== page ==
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printed directly above the note. Play "Oh, Susannah," "Old
Black Joe," "My Old Kentucky Home/ and other similar melo- '
dies, one note at a time, until you are able to pick out the most-
used notes quickly and instinctively—without having to stop
to figure out their location each time.;
The guitar is most often used to accompany someone who is
singing or to provide a resonant background for other instru-
ments, as in a dance band. In both cases, the guitar does not
play the melody on single notes, but most often plays a single
note, then a chord, another single note, another chord and so
The greatest fascination of the guitar is learning how to play
as many chords as you can—but take your time about it. First
learn the chords needed to play in the key of C, G (1 sharp),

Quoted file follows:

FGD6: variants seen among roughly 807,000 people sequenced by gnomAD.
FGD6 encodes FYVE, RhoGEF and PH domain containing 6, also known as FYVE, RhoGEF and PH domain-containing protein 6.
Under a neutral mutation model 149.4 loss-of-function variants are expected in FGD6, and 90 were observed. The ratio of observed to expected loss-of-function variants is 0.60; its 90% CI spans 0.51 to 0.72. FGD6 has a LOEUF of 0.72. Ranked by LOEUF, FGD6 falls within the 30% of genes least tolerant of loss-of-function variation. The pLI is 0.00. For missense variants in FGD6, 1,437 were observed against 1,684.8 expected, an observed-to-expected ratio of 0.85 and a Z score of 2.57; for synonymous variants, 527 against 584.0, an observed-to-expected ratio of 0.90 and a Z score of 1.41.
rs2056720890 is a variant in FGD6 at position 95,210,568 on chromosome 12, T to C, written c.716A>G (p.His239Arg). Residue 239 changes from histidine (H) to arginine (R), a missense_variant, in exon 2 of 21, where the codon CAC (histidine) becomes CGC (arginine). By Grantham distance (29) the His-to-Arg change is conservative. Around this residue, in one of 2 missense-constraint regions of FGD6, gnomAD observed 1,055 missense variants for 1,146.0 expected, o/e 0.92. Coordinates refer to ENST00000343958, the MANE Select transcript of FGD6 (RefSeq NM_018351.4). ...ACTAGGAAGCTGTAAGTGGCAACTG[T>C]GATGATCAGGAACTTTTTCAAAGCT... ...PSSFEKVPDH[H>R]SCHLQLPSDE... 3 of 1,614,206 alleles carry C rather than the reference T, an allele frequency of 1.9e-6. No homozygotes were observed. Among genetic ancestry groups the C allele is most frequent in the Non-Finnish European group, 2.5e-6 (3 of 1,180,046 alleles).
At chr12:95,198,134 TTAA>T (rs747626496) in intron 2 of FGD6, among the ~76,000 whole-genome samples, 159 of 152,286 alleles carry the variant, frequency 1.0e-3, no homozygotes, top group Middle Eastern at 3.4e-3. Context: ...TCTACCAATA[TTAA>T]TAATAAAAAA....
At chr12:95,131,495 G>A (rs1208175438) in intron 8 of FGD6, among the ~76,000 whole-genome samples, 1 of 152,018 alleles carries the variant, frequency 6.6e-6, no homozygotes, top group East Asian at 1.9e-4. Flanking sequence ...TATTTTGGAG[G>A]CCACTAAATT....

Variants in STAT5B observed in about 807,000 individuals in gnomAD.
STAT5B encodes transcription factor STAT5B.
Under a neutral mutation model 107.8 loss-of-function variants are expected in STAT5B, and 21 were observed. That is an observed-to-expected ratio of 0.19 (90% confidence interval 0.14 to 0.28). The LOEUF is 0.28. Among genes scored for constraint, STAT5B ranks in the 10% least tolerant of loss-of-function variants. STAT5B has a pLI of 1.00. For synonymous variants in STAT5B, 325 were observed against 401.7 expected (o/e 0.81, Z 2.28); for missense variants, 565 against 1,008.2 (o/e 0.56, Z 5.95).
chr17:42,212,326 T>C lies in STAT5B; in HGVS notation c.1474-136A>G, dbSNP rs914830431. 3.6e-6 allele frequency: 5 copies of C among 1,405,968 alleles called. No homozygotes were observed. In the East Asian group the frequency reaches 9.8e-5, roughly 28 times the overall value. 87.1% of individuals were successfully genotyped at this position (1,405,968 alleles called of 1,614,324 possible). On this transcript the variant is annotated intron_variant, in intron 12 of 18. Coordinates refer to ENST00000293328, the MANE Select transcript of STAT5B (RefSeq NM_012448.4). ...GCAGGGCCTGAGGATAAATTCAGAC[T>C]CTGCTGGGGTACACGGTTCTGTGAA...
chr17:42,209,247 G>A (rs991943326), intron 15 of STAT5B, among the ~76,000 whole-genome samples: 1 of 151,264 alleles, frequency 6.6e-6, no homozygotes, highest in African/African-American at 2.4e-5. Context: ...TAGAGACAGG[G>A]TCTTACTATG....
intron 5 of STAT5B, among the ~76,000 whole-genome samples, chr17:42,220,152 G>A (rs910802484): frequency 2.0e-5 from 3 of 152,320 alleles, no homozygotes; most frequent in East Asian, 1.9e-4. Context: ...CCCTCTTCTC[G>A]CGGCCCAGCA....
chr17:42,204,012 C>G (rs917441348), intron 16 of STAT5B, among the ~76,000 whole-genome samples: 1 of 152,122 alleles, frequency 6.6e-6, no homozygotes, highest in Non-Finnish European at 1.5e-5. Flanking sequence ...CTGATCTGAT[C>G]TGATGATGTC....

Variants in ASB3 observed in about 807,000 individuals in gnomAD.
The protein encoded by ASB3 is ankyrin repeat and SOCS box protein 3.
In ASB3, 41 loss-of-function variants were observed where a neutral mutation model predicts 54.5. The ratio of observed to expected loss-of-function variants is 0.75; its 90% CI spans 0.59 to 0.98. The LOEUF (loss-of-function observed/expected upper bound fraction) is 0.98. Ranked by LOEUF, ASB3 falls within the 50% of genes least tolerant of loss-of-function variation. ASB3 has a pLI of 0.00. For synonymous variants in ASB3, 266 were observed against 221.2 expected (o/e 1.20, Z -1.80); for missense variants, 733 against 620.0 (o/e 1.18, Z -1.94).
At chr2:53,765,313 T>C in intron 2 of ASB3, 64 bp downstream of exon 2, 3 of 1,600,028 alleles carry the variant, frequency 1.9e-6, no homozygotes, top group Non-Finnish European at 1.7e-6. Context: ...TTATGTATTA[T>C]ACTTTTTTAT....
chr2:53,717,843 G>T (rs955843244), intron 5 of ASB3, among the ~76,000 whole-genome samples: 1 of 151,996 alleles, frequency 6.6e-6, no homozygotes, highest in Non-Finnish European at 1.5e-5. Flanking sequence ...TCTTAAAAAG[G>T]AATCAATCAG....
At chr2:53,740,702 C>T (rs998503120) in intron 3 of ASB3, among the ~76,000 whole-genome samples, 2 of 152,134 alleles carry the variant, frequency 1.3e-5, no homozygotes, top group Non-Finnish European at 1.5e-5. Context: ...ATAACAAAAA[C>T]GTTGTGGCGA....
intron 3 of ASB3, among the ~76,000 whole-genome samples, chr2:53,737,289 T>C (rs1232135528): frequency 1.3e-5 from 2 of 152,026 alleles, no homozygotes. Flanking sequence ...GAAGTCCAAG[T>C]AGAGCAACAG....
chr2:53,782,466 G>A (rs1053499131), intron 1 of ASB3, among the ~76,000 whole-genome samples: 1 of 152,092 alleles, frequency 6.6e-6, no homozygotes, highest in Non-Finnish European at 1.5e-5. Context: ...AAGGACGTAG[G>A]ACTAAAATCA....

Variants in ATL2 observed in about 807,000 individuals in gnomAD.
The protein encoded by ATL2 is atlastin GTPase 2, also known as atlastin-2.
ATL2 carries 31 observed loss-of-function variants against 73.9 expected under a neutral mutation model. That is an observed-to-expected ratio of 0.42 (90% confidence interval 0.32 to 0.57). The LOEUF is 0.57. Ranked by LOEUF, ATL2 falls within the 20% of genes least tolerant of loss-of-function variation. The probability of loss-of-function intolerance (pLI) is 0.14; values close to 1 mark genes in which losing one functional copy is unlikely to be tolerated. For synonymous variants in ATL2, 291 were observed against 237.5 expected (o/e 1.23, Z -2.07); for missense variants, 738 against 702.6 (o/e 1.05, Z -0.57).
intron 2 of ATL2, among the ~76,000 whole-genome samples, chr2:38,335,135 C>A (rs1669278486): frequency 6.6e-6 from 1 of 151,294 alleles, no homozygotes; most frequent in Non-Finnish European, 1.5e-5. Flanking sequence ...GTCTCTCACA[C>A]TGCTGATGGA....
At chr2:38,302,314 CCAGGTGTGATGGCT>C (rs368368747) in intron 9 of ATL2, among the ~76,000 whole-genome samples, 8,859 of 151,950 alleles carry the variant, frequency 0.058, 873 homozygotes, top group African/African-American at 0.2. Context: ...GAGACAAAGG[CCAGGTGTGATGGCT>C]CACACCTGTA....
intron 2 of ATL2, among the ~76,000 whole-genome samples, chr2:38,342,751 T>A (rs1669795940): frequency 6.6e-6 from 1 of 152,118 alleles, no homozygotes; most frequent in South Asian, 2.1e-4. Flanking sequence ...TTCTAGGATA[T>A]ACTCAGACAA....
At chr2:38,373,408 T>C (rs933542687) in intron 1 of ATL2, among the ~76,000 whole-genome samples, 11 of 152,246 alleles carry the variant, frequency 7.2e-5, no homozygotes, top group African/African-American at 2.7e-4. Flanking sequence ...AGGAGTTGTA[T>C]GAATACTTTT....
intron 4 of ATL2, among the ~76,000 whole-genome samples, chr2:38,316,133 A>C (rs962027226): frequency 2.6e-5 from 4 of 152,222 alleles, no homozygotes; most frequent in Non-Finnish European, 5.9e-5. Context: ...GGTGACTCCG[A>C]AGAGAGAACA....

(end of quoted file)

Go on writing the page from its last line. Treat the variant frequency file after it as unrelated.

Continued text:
D (2 sharps), F (1 flat), and B flat (2 flats). These will enable
you to play a very great number of pieces. Later on, you can
add little by little to your collection of chords.
The chords most frequently used for playing melodies in the
key of C and the bass notes with which they are commonly
played are shown in Fig. 36. The names of the chords are
shown by the letters above the staff.
There are three principal chords in each key. The tonic
chord is the ordinary or major chord based on the first note
of the scale. For C chords, this chord is based on the note C.
Major chords are made up of the first, third and fifth notes of
any scale. Thus, G—E—G is a major chord.
The subdominant chord is a major chord based on the fourth
note in the scale. In the key of C, the fourth note is F, so
this chord features the note F.
The third principal chord in each key is the dominant sev-
enth chord. It is based on the fifth note of the scale. In the key
of C, the fifth note is G, and the bottom note of the dominant
seventh chord is G.
In Fig. 36 and those for the other keys, the chords are given